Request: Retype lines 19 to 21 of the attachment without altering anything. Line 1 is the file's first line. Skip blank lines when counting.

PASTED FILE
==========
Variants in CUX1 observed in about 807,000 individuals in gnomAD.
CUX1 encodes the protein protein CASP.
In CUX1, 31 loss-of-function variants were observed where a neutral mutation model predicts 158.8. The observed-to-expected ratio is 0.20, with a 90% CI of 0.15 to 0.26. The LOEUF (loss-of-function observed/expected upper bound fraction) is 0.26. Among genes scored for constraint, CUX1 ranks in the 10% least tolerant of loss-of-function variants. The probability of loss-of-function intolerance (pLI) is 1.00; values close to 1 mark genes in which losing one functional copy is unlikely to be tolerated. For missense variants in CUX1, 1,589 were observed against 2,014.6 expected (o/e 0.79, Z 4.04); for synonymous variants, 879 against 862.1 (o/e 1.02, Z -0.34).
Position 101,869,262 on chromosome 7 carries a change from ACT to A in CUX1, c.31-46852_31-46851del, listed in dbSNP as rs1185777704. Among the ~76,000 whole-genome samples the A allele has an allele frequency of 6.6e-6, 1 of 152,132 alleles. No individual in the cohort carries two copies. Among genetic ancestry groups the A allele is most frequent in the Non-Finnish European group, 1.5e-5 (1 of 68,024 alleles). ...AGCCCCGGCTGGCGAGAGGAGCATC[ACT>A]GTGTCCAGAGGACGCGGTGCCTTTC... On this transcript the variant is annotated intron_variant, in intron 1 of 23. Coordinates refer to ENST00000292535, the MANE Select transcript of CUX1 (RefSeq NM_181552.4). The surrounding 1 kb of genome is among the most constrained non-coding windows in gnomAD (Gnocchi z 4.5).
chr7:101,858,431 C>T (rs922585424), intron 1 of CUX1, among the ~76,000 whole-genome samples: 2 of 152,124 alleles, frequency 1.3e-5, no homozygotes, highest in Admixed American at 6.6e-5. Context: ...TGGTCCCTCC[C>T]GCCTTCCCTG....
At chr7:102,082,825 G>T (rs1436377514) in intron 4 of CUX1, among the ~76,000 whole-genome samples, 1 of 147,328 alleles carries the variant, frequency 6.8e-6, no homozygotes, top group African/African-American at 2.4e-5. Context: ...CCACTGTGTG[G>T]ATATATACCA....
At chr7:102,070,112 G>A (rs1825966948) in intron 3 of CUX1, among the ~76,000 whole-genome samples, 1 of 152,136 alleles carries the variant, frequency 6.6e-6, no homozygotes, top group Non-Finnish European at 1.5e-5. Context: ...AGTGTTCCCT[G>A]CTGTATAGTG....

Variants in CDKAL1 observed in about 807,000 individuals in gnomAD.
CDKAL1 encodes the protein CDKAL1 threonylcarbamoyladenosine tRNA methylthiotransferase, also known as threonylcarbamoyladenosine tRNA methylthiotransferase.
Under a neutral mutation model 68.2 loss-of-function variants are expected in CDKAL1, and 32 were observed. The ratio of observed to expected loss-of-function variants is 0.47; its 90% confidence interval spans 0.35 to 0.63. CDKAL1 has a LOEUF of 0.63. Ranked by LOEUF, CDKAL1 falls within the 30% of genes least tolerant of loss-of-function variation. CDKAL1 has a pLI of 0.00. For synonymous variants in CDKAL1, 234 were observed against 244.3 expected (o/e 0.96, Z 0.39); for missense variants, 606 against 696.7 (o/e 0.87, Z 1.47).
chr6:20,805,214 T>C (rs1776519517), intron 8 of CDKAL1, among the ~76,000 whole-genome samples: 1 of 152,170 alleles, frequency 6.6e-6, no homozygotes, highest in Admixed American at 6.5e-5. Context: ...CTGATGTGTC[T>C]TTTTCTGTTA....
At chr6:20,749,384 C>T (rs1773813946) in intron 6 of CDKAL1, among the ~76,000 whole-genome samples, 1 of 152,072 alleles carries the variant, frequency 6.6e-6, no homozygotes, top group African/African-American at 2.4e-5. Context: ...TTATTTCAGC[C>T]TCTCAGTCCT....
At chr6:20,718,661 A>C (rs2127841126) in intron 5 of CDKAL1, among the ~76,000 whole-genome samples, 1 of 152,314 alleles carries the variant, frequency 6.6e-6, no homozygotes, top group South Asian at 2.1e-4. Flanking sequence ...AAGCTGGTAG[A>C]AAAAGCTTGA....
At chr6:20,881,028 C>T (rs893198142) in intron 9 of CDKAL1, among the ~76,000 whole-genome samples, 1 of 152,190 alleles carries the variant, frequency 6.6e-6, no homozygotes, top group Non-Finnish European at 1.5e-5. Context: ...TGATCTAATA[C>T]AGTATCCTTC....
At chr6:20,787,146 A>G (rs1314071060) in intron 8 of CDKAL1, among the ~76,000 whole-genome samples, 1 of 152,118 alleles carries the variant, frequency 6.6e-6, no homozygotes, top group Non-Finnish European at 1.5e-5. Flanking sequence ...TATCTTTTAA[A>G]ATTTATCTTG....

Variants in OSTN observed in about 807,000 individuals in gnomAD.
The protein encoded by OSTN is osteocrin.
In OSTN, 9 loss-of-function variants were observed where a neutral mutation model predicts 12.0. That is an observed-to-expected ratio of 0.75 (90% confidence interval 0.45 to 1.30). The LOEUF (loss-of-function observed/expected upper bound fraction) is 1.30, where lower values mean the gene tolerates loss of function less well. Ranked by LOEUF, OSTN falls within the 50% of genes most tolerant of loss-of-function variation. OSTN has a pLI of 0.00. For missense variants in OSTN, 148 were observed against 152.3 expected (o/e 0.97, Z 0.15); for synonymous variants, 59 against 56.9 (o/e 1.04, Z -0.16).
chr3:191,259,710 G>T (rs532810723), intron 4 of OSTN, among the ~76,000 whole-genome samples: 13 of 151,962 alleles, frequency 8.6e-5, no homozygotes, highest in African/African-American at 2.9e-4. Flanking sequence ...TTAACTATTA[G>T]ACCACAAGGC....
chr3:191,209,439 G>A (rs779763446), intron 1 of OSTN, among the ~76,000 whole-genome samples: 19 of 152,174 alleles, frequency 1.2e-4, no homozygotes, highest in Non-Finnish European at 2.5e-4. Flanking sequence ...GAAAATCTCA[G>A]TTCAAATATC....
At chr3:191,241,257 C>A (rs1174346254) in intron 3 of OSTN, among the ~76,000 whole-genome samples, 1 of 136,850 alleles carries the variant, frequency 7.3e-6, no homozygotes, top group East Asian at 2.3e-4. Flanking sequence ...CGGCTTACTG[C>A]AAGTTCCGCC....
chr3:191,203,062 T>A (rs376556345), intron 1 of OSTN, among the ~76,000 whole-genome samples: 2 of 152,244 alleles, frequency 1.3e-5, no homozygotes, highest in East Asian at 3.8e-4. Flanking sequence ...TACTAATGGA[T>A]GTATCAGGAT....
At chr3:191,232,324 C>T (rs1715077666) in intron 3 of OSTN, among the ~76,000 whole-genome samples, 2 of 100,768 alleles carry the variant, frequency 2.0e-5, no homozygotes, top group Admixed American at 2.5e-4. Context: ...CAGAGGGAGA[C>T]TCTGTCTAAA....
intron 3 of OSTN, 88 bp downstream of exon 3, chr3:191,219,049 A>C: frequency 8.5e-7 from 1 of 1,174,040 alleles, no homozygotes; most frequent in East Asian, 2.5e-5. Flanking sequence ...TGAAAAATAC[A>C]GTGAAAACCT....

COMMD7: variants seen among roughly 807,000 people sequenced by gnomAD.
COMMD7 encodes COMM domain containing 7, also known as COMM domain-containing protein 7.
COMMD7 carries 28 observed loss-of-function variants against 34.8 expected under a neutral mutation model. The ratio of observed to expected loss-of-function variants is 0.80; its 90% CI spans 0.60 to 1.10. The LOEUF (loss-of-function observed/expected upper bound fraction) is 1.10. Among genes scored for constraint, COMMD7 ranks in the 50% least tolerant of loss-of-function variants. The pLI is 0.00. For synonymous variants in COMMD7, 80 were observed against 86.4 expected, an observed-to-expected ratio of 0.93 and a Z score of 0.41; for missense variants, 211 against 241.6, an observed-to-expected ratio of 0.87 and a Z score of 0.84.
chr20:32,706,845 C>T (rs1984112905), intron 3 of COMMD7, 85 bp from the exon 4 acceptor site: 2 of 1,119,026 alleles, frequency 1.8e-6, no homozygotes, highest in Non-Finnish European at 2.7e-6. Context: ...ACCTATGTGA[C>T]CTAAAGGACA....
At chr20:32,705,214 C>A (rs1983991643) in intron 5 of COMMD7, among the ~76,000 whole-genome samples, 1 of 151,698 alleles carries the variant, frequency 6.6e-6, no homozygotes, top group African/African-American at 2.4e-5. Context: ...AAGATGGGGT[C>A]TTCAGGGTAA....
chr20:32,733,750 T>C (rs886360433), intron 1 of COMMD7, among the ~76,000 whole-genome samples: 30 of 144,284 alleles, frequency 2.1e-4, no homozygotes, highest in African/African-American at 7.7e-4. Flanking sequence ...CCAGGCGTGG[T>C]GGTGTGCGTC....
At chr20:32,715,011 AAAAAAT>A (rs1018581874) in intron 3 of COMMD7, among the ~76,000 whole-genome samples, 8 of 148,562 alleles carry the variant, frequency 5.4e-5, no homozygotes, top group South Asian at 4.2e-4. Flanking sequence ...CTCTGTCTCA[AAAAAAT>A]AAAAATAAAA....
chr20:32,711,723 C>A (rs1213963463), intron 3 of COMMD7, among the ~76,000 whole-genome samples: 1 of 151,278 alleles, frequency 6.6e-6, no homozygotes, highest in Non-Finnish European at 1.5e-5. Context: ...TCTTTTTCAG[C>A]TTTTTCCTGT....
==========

chr3:191,259,710 G>T (rs532810723), intron 4 of OSTN, among the ~76,000 whole-genome samples: 13 of 151,962 alleles, frequency 8.6e-5, no homozygotes, highest in African/African-American at 2.9e-4. Flanking sequence ...TTAACTATTA[G>T]ACCACAAGGC....
chr3:191,209,439 G>A (rs779763446), intron 1 of OSTN, among the ~76,000 whole-genome samples: 19 of 152,174 alleles, frequency 1.2e-4, no homozygotes, highest in Non-Finnish European at 2.5e-4. Flanking sequence ...GAAAATCTCA[G>A]TTCAAATATC....
At chr3:191,241,257 C>A (rs1174346254) in intron 3 of OSTN, among the ~76,000 whole-genome samples, 1 of 136,850 alleles carries the variant, frequency 7.3e-6, no homozygotes, top group East Asian at 2.3e-4. Flanking sequence ...CGGCTTACTG[C>A]AAGTTCCGCC....